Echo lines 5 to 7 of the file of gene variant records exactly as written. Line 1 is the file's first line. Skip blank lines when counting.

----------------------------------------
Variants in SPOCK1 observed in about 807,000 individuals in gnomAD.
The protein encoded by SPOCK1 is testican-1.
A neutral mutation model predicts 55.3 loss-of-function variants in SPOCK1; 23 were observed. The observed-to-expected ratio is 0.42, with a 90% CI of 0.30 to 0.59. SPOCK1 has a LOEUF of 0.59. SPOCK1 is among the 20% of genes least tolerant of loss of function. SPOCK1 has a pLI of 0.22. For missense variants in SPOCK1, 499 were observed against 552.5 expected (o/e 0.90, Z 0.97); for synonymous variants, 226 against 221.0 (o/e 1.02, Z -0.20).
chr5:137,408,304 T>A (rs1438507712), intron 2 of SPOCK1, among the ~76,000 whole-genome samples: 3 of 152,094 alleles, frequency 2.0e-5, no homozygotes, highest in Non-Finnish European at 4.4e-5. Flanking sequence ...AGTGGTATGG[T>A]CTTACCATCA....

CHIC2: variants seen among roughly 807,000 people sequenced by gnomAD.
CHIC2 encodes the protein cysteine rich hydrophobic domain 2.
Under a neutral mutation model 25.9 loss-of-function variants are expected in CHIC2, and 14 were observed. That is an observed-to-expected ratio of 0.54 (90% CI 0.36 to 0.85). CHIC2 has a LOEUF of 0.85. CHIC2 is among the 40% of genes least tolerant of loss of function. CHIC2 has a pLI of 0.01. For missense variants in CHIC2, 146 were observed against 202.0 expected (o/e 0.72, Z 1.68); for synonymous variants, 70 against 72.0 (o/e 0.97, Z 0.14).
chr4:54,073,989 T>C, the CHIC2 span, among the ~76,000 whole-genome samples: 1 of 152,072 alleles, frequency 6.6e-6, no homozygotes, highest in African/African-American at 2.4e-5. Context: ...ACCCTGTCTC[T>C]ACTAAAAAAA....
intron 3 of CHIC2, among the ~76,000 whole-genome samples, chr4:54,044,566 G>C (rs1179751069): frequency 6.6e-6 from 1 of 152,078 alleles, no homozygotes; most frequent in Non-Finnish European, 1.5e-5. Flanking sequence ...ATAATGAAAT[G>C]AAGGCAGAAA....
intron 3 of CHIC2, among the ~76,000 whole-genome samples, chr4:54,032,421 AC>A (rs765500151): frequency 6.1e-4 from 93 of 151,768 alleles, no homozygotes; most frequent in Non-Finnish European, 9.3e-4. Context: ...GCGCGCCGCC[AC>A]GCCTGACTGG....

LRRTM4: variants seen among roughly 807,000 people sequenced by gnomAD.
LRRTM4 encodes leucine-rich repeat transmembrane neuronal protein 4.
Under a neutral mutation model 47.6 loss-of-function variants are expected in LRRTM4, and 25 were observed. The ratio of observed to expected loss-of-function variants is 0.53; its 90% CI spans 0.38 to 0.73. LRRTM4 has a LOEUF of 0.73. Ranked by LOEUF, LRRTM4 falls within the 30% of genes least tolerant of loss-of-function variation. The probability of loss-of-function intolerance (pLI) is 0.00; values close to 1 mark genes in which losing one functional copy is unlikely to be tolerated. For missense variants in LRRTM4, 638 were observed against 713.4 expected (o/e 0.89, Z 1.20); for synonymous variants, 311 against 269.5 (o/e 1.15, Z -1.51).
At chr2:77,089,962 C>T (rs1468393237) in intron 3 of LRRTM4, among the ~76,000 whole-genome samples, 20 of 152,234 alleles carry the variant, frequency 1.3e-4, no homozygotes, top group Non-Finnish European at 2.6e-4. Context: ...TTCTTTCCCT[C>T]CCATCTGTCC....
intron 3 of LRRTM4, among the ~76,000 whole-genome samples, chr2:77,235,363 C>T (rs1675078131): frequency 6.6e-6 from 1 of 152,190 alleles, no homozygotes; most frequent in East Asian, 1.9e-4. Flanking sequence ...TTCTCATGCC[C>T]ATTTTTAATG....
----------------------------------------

CHIC2: variants seen among roughly 807,000 people sequenced by gnomAD.
CHIC2 encodes the protein cysteine rich hydrophobic domain 2.
Under a neutral mutation model 25.9 loss-of-function variants are expected in CHIC2, and 14 were observed. That is an observed-to-expected ratio of 0.54 (90% CI 0.36 to 0.85). CHIC2 has a LOEUF of 0.85. CHIC2 is among the 40% of genes least tolerant of loss of function. CHIC2 has a pLI of 0.01. For missense variants in CHIC2, 146 were observed against 202.0 expected (o/e 0.72, Z 1.68); for synonymous variants, 70 against 72.0 (o/e 0.97, Z 0.14).